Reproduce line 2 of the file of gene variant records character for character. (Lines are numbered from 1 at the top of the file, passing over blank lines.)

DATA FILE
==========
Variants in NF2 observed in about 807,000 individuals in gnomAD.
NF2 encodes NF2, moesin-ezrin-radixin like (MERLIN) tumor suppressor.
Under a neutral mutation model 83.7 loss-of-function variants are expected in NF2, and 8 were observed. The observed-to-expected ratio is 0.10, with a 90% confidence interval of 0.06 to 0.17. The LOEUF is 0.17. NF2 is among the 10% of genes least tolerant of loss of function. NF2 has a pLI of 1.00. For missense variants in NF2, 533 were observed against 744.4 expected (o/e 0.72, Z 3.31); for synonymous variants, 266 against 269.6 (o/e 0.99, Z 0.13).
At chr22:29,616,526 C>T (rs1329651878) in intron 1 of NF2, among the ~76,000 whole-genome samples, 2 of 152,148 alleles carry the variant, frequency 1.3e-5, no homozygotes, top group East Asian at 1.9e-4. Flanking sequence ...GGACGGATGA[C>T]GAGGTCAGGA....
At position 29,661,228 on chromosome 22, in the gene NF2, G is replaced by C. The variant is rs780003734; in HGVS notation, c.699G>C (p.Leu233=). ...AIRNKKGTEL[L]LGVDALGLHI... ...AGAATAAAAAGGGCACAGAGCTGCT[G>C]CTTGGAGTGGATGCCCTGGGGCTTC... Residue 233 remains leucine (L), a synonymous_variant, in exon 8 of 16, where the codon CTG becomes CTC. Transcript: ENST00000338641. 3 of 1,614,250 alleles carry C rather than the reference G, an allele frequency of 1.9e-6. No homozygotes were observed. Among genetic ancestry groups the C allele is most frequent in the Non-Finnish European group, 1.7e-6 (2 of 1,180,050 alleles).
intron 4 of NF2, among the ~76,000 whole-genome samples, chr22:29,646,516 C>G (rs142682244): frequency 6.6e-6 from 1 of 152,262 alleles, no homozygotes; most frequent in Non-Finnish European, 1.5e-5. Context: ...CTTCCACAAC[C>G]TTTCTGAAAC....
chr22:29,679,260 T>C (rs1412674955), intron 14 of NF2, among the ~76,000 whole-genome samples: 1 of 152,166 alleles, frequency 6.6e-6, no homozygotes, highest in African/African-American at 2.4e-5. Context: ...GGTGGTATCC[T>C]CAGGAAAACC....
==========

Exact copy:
NF2 encodes NF2, moesin-ezrin-radixin like (MERLIN) tumor suppressor.